Top 100 30.8 18.1
    Top 250 22.9 18.3
    Bottom 250 12.9 18.8
    Bottom 100 11.5 19.8
    Bottom 50 10.1 20.3

    This data strongly suggests that valuation rather than pure performance was behind the gains made by the smaller cap stocks. Since valuation is cyclical, as the cycle turns smaller cap stocks will fall relative to larger ones. Indeed, small and mid caps have not managed to surpass their May highs whereas the Dow and S&P have done so convincingly.

    This is not a call to eliminate small cap stocks in your asset allocation, just as it was problematic to jump full-force into small cap stocks after 5-6 years of over performance. This is not even a call to reduce the allocation to small cap stocks going forward. Rather, if you’ve had some small cap stocks for some time chances are they have made large relative gains, and now would be a good time to pare back some if you missed the opportunity before May.

    As always, this is not investment advice, please do your own due diligence before making any financial decisions.

    Posted in Investing | Comments Off

    Earn Airline Travel Vouchers

    Posted by 2million on 15th November 2006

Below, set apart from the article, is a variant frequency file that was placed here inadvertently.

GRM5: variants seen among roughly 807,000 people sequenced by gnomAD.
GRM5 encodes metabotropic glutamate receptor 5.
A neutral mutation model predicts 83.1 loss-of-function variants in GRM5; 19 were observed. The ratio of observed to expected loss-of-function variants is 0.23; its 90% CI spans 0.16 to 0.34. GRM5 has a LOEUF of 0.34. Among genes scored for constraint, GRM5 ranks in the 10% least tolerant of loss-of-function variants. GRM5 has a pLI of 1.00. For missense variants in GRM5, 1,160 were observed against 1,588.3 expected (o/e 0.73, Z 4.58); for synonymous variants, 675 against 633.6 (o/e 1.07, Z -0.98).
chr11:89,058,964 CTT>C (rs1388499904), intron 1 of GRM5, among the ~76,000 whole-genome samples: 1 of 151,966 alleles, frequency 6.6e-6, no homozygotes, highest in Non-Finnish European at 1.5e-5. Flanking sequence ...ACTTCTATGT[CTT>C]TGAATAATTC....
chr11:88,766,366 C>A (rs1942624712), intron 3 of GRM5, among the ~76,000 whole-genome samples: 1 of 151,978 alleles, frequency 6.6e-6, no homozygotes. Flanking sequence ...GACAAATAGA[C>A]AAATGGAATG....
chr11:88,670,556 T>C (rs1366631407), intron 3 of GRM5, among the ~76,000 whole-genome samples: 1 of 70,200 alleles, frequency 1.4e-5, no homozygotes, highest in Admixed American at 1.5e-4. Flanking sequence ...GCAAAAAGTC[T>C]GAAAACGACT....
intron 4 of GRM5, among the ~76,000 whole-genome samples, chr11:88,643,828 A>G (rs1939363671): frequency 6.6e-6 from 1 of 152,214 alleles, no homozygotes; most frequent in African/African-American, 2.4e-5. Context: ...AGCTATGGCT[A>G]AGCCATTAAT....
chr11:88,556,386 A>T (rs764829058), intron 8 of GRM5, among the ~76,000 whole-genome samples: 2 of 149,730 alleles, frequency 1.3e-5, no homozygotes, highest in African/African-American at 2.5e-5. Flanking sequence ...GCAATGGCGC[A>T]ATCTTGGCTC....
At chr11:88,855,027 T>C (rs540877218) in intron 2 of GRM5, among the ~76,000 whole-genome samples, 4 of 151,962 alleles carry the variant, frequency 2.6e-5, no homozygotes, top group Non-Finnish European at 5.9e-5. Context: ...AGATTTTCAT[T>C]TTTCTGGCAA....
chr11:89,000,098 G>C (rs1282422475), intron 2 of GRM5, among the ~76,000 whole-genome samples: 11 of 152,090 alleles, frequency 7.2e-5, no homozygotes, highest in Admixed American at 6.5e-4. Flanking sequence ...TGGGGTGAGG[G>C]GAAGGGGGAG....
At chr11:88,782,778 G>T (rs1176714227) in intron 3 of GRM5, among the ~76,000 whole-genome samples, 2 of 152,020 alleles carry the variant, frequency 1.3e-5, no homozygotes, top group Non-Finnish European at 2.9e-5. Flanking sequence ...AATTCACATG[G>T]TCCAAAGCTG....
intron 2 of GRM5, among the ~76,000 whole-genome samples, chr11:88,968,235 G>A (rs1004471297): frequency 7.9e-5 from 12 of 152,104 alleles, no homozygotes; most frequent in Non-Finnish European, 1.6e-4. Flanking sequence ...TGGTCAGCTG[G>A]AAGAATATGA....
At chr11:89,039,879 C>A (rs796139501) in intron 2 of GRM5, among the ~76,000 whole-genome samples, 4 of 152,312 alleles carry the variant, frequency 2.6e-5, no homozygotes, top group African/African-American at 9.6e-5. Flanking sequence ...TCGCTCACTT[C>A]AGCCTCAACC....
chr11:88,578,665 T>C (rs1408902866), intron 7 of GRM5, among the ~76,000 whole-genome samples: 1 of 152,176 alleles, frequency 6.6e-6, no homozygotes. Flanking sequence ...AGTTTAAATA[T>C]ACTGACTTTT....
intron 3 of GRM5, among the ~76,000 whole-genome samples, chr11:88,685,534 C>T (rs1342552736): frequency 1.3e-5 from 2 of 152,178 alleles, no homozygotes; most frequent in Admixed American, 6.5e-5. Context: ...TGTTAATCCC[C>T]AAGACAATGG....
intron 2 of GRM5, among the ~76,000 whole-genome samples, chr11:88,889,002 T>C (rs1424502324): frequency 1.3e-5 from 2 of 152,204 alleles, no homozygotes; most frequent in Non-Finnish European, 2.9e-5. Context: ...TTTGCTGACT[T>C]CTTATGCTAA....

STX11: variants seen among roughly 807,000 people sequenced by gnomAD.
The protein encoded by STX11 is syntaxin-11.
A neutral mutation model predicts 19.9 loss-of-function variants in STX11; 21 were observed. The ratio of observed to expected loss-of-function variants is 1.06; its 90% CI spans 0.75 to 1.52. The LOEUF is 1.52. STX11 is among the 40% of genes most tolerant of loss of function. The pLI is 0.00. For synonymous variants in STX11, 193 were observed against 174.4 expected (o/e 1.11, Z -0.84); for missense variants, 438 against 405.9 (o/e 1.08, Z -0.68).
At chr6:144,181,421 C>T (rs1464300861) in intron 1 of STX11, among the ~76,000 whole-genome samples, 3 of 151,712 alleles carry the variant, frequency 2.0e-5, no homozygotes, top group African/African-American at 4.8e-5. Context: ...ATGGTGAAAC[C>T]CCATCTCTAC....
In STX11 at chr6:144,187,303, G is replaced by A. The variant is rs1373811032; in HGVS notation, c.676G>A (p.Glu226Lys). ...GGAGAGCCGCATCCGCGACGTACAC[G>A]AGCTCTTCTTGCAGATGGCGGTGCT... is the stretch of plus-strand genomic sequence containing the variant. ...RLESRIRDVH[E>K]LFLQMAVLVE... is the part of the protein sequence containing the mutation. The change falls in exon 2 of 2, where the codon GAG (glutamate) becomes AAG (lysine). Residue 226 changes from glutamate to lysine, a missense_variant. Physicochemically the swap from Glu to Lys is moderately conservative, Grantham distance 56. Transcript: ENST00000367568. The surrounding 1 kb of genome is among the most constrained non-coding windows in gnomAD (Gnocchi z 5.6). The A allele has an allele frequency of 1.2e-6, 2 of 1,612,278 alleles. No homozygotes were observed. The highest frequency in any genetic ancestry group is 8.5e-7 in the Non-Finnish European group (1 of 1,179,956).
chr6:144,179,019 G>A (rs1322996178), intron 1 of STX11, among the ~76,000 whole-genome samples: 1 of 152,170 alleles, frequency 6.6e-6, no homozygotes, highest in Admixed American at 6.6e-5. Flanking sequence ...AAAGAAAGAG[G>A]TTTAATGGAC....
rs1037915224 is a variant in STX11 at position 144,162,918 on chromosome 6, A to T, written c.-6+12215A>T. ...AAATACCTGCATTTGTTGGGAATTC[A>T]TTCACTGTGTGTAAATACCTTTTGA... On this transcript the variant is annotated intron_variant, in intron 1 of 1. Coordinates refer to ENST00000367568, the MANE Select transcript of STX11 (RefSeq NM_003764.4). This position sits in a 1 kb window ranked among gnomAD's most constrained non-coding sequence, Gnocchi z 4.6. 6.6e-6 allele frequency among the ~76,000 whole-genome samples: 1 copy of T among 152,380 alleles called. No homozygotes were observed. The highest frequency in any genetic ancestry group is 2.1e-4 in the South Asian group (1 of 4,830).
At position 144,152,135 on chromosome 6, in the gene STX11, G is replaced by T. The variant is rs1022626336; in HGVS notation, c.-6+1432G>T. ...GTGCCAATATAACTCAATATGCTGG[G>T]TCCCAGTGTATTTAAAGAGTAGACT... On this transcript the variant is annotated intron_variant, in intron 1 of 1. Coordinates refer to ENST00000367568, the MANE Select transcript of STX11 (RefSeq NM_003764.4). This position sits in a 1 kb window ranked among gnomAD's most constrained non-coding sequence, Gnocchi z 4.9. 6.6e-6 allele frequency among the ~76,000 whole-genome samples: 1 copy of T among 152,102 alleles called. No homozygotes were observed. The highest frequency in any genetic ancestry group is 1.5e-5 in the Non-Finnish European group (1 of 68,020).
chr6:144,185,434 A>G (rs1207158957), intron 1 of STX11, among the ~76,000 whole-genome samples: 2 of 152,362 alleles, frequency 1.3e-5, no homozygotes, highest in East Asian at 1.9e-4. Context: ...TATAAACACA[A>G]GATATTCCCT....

As a guest writer, 2million blogs his personal finance from, and is recording his journey to financial freedom. Please check him out at his site for more goodies.

    This week I am on a business trip for work and have already earned a $250 AA travel voucher and a $10 meal voucher from American Airlines. All I had to do was volunteer to get “bumped” off the flight to my destination and catch the next flight that was 2hrs 7min later. In effect I earned over $100/hr by sitting around and eating $10 in free food. I am hoping I might be able to pick up one more travel voucher on my return flight to Raleigh.

    This is a really easy way to save money on airline tickets regardless of how often you fly. Airlines regularly offer travel vouchers for those passengers they can shuffle off flights that the airline has overbooked. For those that know the system, this can be a lucrative way to get big savings for little time or effort.

    Let me start by saying I am not an expert on earning these travel vouchers and encourage everyone to add other tips in the comments below.

    Rules of Thumb for Getting Travel Vouchers
    You have to schedule your trip to create opportunities to get bumped by the airline. This means:

    1) When you are planning a trip I try not to tightly plan things close to arrival/departure times. Its a good practice anyway what traveling at the mercy of the weather and various airport delays, but its even more important if you want to try and earn travel vouchers.